According to this Rolling Stone article, Adam admits to having fake dreadlocks. I’m shocked. I really had no idea they were fake. Did you?
His dreadlocks — which he has always freely admitted are hair extensions — are fascinating up close. They’re so incongruous with the rest of his appearance (“I’m a Russian Jew American, impersonating African,” he sings on the Crows’ new album) that you half expect them to begin moving, like a giant tarantula. Not long ago, Duritz’s publicist urged him to shave his head, but he wouldn’t do it. “Whatever they hide or cover about myself, you know, they feel good,” he says. “And I did not want to be skinhead guy.”
In high school, when my obsession with Counting Crows was at its peak, I really wanted to dreadlock my hair before seeing them in concert. My mom nixed that one. I thought it would create some sort of connection between me and Adam, who probably would have cared and autographed my ticket and t-shirt after the show anyway.
In all of his recent interviews, Adam is also revealing that he has been suffering from a dissociative disorder, and that the meds he began taking for them a couple of years ago caused him to gain 70 lbs. So that’s why he looked the way he did when we saw him in concert, Linds! Apparently he has since switched doctors and medications and has been eating properly and working out, so he’s lost most of the weight.
I’m just not sure I can get over the hair extensions. He must have been in his twenties when he started using them. Who told him it would be a good idea? And what does he look like without them?
(image from rolling stone)
My bridesmaids don’t know it yet, but they’ll all be wearing veils down the aisle like these lovely ladies did for a 1968 wedding.
Don’t you just love how the veil matches the dress/nightgown that matches the shoes?
(image via nymag.com)
The Gallup-Healthways Well-Being Index surveyed more than 100,000 people to measure the nation’s general welfare.
Gallup’s chief scientist for well-being says people who are thriving tend to have higher incomes, more education and less illness. Those who are suffering have trouble meeting their basic needs, including food, shelter and medical care.
Um, really? I could have told you that money can buy you happiness. I thought everybody knew that.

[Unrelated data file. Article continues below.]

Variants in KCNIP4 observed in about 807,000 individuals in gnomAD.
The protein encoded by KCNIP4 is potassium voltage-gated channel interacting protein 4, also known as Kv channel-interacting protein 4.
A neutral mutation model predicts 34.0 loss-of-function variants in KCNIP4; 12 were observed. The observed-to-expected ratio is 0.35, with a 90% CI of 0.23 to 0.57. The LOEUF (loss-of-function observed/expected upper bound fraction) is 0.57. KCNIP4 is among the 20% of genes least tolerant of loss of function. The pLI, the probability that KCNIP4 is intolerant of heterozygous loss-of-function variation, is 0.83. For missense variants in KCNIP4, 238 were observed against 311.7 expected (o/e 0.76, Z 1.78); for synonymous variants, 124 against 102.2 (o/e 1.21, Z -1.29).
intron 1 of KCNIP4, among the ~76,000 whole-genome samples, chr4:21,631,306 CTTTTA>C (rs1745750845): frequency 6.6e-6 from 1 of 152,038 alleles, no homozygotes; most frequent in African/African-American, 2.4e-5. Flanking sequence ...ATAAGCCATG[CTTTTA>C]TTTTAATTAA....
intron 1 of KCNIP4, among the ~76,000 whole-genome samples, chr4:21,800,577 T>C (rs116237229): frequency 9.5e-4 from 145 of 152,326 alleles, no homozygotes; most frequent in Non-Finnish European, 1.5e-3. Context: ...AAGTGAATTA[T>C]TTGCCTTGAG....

Anthropologie is opening in Omaha this fall. Now I don’t have to do all of my shopping in Kansas City!
(image from anthropologie.com)
This photo scares the crap out of me. That pony is terrifying.
So is Elisabeth Hasselbeck’s outfit.
(image via people.com)
One month to go!
(image from jessica claire)
Congratulations to Heather Waraksa, my fabulous wedding photographer, for being included in Daily Candy’s Spring 2008 Wedding Guide!
Thanks, Erica, for passing along the info.
(Screen shot via Heather)
I got a late start writing my thank you cards for the wonderful gifts I received at my bridal shower because of all the traveling I’ve been doing. The weekend after the shower I was back on the East coast for a friend’s wedding and it took all of last week for me to recover from complete exhaustion. I’m still tired, but I’m functioning. I wasn’t at all last week.
On Sunday I wrote about 20 thank yous and last night I wrote 18 more. I probably have about 10 left to write tonight; I could have kept going yesterday but I ran out of stamps!
Perhaps running out of stamps was a blessing in disguise because it allowed me to go to bed earlier than I would have if I continued writing. I popped an Ambien around 10 pm and was out before 11 pm, allowing me almost 8 hours of sleep. That is approximately 2-2.5 more hours of sleep than I normally get. I know all of the benefits of going to bed earlier than I usually do, but I like staying up late. I’m like a child who gets off on going to bed past her bedtime.
(Image from etsy)
Originally uploaded by Phineas H
Have you heard? The New York Times reports that airlines are going to start charging $25 to check a second bag. That’s ridiculous.
Originally uploaded by HistoricOmaha.net
You don’t expect a neighborhood pub in Omaha that you happen to frequent (although not as frequently as LB) to make it into a Wall Street Journal article on dream jobs, but sure enough…
Monique Huston actually has her dream job — and many tell her it’s theirs, too. She’s general manager of a pub in Omaha, the Dundee Dell, which boasts 650 single-malt scotches on its menu. She visits bars, country clubs, people’s homes and Scotland for whiskey tastings. “I stumbled on my passion in life,” she says.
Still, some nights she doesn’t feel like drinking — or smiling. “Your face hurts,” she complains. And when you have your dream job you wonder what in the world you’ll do next.
If you visit me, I’ll take you to the Dell.
(This is an old photo because Le Marche, one of my favorite shops in Omaha, is no longer in the small shopping center next to the Dundee Dell.)